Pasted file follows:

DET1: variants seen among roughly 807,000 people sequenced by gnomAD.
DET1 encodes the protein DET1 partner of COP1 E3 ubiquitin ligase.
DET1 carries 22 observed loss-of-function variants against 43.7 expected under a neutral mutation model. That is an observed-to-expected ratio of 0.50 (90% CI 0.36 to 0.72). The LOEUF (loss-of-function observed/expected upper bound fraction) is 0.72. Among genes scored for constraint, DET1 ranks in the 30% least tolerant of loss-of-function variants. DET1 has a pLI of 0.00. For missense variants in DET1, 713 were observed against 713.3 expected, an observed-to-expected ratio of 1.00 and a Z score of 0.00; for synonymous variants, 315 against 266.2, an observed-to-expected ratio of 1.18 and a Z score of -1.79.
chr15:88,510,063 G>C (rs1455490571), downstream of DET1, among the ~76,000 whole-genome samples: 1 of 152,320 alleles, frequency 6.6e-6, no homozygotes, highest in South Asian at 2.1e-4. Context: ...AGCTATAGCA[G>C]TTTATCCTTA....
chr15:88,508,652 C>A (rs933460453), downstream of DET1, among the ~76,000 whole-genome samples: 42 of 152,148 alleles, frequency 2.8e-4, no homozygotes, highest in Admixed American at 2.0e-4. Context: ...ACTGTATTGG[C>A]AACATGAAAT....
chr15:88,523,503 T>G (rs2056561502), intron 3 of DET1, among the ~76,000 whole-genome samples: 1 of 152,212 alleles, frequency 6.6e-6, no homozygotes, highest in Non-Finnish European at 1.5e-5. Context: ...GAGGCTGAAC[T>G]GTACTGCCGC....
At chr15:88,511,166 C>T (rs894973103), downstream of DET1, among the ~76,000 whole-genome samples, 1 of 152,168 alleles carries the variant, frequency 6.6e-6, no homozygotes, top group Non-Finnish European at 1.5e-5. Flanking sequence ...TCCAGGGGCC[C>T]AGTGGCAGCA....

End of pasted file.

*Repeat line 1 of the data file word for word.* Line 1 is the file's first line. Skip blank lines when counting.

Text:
DET1: variants seen among roughly 807,000 people sequenced by gnomAD.